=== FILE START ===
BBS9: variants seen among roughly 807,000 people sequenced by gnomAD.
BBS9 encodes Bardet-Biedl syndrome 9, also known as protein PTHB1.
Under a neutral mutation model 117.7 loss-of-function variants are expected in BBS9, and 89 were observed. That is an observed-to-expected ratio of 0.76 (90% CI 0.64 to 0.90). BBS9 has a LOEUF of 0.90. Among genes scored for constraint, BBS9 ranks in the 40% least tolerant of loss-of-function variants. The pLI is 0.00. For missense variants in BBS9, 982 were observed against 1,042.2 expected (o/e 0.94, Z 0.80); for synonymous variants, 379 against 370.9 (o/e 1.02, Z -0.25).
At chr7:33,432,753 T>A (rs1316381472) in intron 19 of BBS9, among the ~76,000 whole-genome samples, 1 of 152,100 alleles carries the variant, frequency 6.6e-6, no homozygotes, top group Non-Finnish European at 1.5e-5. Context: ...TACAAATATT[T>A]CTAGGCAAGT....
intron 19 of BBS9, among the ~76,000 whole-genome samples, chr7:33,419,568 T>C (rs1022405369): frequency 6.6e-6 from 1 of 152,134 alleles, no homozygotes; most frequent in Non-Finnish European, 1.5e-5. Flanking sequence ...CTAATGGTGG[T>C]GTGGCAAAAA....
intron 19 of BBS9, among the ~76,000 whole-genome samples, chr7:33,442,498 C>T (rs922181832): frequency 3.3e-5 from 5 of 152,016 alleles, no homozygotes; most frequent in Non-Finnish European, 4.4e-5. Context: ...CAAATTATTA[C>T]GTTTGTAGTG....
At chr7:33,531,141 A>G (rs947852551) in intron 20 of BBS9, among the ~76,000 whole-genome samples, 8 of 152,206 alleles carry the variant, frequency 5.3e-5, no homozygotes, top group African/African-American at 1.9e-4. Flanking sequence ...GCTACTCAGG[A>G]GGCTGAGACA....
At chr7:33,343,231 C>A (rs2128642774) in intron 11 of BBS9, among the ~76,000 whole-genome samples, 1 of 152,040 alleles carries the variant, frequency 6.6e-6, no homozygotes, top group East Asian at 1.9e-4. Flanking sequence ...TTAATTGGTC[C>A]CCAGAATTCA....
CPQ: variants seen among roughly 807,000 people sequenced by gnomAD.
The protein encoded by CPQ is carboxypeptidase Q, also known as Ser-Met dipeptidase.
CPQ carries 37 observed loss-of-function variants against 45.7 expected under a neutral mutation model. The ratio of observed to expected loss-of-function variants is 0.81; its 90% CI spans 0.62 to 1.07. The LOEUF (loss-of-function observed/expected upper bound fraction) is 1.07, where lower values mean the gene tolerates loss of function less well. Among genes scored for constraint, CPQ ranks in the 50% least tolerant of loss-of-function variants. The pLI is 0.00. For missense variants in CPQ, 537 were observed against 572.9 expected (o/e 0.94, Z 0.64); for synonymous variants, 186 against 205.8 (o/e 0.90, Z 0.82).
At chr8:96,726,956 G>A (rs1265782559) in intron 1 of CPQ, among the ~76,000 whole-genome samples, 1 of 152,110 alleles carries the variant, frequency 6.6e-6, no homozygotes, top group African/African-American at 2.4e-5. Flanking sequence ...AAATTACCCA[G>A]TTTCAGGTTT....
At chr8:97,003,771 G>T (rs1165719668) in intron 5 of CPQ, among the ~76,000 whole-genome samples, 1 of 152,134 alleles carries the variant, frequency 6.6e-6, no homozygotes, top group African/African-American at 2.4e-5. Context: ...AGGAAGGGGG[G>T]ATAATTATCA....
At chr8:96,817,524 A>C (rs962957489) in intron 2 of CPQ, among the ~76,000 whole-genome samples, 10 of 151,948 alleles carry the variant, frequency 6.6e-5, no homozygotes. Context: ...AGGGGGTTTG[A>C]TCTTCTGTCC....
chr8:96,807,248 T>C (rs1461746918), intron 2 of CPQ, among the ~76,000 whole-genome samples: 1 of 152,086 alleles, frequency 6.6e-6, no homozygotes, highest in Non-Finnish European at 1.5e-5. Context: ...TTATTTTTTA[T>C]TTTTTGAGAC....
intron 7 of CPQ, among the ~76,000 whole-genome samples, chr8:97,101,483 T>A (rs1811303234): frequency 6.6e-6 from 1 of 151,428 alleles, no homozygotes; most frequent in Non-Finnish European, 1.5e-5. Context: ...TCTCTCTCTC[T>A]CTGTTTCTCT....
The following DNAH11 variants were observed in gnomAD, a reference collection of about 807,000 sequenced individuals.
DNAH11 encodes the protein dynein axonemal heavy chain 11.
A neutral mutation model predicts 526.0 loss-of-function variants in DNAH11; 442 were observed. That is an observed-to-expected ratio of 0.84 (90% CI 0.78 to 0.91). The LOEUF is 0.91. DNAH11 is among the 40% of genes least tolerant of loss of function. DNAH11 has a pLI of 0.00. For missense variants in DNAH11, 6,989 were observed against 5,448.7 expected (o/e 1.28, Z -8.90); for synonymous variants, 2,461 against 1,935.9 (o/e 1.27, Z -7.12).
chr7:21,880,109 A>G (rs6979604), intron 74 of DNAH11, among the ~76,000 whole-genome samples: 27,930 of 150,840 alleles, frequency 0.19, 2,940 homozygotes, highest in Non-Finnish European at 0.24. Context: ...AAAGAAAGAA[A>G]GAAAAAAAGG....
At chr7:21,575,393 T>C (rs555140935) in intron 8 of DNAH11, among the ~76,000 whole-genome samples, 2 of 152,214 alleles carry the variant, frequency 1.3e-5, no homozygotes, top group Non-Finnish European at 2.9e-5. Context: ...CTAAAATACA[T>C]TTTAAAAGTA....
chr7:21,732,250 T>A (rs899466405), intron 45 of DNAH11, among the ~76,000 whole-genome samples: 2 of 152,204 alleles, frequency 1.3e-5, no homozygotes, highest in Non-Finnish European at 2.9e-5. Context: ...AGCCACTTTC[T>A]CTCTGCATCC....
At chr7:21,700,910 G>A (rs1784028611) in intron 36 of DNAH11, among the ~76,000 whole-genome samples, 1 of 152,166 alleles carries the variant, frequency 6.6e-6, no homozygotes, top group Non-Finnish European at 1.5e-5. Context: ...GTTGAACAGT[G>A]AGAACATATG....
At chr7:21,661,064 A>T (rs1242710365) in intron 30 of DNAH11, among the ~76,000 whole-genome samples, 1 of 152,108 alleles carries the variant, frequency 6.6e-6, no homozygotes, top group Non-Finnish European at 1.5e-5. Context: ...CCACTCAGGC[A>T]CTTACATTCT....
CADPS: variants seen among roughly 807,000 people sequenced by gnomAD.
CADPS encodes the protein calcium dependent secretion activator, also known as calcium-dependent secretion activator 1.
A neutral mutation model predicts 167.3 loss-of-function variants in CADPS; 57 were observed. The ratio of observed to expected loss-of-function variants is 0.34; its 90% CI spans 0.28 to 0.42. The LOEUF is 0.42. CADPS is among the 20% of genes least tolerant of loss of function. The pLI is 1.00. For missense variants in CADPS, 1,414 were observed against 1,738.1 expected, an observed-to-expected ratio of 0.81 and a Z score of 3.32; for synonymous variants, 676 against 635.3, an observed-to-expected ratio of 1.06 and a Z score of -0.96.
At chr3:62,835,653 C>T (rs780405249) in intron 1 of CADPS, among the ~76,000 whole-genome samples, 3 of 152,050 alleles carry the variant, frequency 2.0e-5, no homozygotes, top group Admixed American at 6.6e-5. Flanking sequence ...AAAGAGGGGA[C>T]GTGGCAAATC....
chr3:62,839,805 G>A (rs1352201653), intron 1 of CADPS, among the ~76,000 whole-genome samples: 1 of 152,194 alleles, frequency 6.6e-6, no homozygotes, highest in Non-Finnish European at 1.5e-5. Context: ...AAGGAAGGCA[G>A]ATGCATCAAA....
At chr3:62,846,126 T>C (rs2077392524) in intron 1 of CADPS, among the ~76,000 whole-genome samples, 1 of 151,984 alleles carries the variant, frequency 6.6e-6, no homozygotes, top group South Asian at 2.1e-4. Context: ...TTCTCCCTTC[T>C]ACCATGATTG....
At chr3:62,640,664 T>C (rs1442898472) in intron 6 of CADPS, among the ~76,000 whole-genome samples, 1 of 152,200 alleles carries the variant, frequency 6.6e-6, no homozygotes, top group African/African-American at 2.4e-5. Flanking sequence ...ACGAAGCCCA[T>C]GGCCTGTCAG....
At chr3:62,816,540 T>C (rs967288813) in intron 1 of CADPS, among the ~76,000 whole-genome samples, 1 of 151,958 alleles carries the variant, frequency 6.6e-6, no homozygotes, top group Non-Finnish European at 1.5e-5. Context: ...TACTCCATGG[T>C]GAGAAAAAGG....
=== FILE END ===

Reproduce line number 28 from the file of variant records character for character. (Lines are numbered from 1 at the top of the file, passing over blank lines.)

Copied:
At chr3:62,835,653 C>T (rs780405249) in intron 1 of CADPS, among the ~76,000 whole-genome samples, 3 of 152,050 alleles carry the variant, frequency 2.0e-5, no homozygotes, top group Admixed American at 6.6e-5. Flanking sequence ...AAAGAGGGGA[C>T]GTGGCAAATC....